Recently security researcher’s from enSilo group presented new evasion technique called Process Doppelgänging at Blackhat Europe-2017. This technique bypasses most popular Antivirus, NGFW and EDR solutions present in the market. This technique works on all windows starting Vista till Windows Server 2016.


Process Doppelgänging makes malware capable to execute malicious code under radar of genuine executable without getting detected or flagged (Impersonating legitimate process).This attack uses the NTFS Transactions and windows process loader flaw. For more technical detail of how attacks works on kernel level, please refer to enSilo blog link’s in reference section.
Note :- Running this POC on Windows 10 will land you in BSOD.
Let’s try to replicate this attack in our Lab on target system Windows Server 2016. Fuzzysec implemented Doppleganger in PowerShell and we going to see how it works. Download the Start-Eidolon.ps1 from the Github and import in Powershell. Use any valid file from the machine to be impersonated (we are using demo-file.txt as original file). We can see all the running process in Process Explorer .
Lets run the script and it generates new freshly baked Mimikatz !!

Lets look at Process Explorer and find which process is parent of this Mimikatz. We can see there is “System Idle Process” running under name of demo-file.txt
Finding the Process ID of idle process and checking its command line argument. (No signs of Mimikatz in memory leading failure of 99.99% of security tools)

Now using PE-Sieve of @hasherezade we can compare the loaded image in memory and original file on disk are same or not. If its not same, dump the malicious code of modified loaded image. Below is command line options for same.
C:\Users\Administrator\Desktop\PSuite>pe-sieve64.exe 2688
PID: 2688
Module filter: 3

[*] Scanning: C:\Users\Administrator\Desktop\PSuite\demo-file.txt
Invalid payload: 221d320000
Could not allocate memory at the desired base!
[!] Suspicious: could not read the module file! Dumping the virtual image…
[*] Scanning: C:\Windows\SYSTEM32\ntdll.dll
[*] Scanning: C:\Windows\system32\KERNEL32.DLL
[*] Scanning: C:\Windows\system32\KERNELBASE.dll
[*] Scanning: C:\Windows\system32\ADVAPI32.dll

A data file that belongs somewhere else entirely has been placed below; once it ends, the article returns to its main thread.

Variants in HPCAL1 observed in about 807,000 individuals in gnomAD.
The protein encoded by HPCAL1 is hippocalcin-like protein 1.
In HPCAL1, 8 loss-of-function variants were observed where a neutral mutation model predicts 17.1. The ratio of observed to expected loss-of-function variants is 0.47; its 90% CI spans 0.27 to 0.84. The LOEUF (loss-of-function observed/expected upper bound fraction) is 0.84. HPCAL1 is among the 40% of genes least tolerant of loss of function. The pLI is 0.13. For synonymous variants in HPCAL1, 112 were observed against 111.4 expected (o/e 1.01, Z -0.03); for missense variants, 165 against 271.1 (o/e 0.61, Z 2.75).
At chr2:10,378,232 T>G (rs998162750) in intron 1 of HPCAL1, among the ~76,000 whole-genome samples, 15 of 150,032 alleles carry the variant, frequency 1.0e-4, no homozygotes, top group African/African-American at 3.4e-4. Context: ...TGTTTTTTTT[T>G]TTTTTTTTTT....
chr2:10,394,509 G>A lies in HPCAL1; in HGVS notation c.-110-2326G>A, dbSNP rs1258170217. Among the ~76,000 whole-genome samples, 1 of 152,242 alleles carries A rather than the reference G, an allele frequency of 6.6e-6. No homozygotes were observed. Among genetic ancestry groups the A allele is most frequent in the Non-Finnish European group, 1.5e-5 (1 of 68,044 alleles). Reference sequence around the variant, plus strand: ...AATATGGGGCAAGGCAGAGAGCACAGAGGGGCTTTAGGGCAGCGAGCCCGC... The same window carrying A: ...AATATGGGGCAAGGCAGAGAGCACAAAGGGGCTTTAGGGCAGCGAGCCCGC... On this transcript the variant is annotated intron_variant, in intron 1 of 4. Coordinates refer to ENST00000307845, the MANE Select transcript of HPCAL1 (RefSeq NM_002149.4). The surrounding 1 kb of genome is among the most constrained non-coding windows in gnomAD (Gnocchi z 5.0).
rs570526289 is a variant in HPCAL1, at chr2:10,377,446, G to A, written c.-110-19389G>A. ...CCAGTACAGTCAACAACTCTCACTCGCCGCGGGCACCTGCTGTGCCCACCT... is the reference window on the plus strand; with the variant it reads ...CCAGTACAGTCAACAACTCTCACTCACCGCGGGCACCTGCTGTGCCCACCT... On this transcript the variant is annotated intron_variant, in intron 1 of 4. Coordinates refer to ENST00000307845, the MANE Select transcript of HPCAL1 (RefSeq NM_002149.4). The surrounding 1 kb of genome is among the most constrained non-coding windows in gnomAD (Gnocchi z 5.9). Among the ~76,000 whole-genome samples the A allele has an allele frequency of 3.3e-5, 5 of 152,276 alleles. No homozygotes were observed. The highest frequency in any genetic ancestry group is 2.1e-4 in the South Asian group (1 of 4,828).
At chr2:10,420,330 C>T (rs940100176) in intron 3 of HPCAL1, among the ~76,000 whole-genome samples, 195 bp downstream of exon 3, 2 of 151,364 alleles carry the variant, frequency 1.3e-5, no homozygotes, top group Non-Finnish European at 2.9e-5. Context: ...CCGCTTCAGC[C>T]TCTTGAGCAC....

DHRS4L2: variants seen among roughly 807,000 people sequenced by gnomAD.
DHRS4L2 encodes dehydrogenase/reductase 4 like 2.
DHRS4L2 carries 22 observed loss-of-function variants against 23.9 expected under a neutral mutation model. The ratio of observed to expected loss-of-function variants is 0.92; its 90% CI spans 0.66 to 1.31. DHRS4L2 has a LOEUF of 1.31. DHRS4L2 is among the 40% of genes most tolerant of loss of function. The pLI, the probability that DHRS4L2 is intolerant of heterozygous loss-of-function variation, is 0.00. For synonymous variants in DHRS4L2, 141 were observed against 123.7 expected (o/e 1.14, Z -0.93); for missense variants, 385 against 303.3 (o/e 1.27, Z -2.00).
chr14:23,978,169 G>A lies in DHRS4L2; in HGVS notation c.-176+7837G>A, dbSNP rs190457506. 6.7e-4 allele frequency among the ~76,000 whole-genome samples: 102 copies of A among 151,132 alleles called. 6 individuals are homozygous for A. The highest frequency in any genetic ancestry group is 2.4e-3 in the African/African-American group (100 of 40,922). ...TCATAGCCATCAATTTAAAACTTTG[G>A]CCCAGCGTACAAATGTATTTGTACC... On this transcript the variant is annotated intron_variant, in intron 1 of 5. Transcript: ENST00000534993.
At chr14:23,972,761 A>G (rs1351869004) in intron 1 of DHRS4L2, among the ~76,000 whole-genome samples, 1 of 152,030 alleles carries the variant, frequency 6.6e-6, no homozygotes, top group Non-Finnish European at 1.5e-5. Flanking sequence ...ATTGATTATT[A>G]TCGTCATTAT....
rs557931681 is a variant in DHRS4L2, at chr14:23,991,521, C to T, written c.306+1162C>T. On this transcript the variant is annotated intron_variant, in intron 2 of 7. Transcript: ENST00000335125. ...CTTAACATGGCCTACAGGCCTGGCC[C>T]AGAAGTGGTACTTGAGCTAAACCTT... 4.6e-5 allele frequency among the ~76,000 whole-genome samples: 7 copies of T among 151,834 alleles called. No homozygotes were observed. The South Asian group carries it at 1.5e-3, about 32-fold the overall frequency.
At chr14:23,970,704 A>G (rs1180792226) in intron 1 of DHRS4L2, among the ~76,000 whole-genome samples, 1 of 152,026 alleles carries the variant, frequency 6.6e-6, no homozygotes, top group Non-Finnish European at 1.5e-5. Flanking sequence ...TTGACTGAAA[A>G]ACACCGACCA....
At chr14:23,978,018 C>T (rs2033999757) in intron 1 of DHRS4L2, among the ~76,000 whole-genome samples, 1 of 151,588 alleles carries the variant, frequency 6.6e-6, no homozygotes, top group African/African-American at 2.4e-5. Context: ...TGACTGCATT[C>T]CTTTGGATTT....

[*] Scanning: C:\Windows\system32\CRYPT32.dll
[*] Scanning: C:\Windows\System32\cryptdll.dll
[*] Scanning: C:\Windows\System32\FLTLIB.DLL
[*] Scanning: C:\Windows\System32\NETAPI32.dll
[*] Scanning: C:\Windows\system32\ole32.dll
[*] Scanning: C:\Windows\system32\OLEAUT32.dll
[*] Scanning: C:\Windows\system32\RPCRT4.dll
[*] Scanning: C:\Windows\system32\SHLWAPI.dll
[*] Scanning: C:\Windows\System32\SAMLIB.dll
[*] Scanning: C:\Windows\System32\Secur32.dll
[*] Scanning: C:\Windows\system32\SHELL32.dll
[*] Scanning: C:\Windows\system32\USER32.dll
[*] Scanning: C:\Windows\System32\USERENV.dll
[*] Scanning: C:\Windows\System32\VERSION.dll
[*] Scanning: C:\Windows\System32\HID.DLL
[*] Scanning: C:\Windows\system32\SETUPAPI.dll
[*] Scanning: C:\Windows\System32\WinSCard.dll
[*] Scanning: C:\Windows\System32\WINSTA.dll
[*] Scanning: C:\Windows\system32\WLDAP32.dll
[*] Scanning: C:\Windows\system32\msasn1.dll
[*] Scanning: C:\Windows\system32\msvcrt.dll
[*] Scanning: C:\Windows\SYSTEM32\sechost.dll
[*] Scanning: C:\Windows\System32\netutils.dll
[*] Scanning: C:\Windows\System32\srvcli.dll
[*] Scanning: C:\Windows\System32\wkscli.dll
[*] Scanning: C:\Windows\SYSTEM32\combase.dll
[*] Scanning: C:\Windows\system32\GDI32.dll
[*] Scanning: C:\Windows\System32\profapi.dll
[*] Scanning: C:\Windows\system32\CFGMGR32.dll
[*] Scanning: C:\Windows\System32\DEVOBJ.dll
[*] Scanning: C:\Windows\System32\CRYPTSP.DLL
[*] Scanning: C:\Windows\System32\CRYPTBASE.DLL
[*] Scanning: C:\Windows\System32\bcryptPrimitives.dll
[*] Scanning: C:\Windows\System32\LOGONCLI.DLL
[*] Scanning: C:\Windows\System32\SSPICLI.DLL
[*] Scanning: C:\Windows\system32\IMM32.DLL
[*] Scanning: C:\Windows\system32\MSCTF.dll
[*] Scanning: C:\Windows\SYSTEM32\kernel.appcore.dll
[*] Scanning: C:\Windows\System32\rsaenh.DLL
[*] Scanning: C:\Windows\System32\bcrypt.dll
[*] Scanning: C:\Windows\System32\vaultcli.DLL
[*] Scanning: C:\Windows\system32\WINTRUST.dll
[*] Scanning: C:\Windows\SYSTEM32\shcore.dll
Total scanned:    48
Hooked:           0
Replaced:         0
Other suspicious: 1
Total modified:   1
Dumps saved to the directory: process_2688

We can analyse the dropped/extracted file using PEstudio and see it’s Mimikatz binary.
Happy Hacking and Bypassing AV’s !!
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